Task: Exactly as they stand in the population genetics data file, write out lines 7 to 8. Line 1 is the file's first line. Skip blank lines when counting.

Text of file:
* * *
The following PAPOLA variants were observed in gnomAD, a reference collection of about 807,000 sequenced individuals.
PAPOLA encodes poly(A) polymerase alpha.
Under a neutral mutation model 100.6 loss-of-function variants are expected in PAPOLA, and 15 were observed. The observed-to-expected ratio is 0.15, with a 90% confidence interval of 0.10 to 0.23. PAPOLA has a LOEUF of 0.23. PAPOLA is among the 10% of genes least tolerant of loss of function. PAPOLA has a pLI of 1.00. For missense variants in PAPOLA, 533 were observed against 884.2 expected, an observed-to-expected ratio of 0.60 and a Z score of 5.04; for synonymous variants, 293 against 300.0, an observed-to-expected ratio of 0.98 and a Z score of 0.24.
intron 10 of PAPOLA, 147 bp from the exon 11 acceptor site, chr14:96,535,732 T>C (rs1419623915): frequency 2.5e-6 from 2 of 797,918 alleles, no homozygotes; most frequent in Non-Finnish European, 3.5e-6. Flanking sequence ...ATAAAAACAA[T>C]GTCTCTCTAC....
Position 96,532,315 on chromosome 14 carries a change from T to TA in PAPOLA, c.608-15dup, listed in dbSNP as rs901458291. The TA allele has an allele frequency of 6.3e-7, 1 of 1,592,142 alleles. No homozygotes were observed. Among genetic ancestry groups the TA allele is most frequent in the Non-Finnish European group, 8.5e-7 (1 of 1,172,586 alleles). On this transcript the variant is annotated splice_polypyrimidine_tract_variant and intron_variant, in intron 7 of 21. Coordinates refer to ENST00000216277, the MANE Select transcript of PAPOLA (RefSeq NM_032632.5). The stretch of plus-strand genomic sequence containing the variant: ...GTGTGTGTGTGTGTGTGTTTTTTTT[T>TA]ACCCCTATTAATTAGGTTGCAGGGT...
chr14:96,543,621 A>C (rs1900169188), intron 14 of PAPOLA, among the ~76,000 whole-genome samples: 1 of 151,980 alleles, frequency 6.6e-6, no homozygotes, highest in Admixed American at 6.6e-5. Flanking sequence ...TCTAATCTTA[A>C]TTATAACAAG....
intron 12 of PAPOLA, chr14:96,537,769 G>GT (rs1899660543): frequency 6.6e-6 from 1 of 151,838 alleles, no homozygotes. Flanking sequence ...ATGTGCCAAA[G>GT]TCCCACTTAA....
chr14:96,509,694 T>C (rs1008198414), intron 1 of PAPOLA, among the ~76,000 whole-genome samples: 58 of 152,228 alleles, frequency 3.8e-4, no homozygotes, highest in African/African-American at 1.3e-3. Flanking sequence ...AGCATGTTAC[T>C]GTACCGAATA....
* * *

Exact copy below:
intron 12 of PAPOLA, chr14:96,537,769 G>GT (rs1899660543): frequency 6.6e-6 from 1 of 151,838 alleles, no homozygotes. Flanking sequence ...ATGTGCCAAA[G>GT]TCCCACTTAA....
chr14:96,509,694 T>C (rs1008198414), intron 1 of PAPOLA, among the ~76,000 whole-genome samples: 58 of 152,228 alleles, frequency 3.8e-4, no homozygotes, highest in African/African-American at 1.3e-3. Flanking sequence ...AGCATGTTAC[T>C]GTACCGAATA....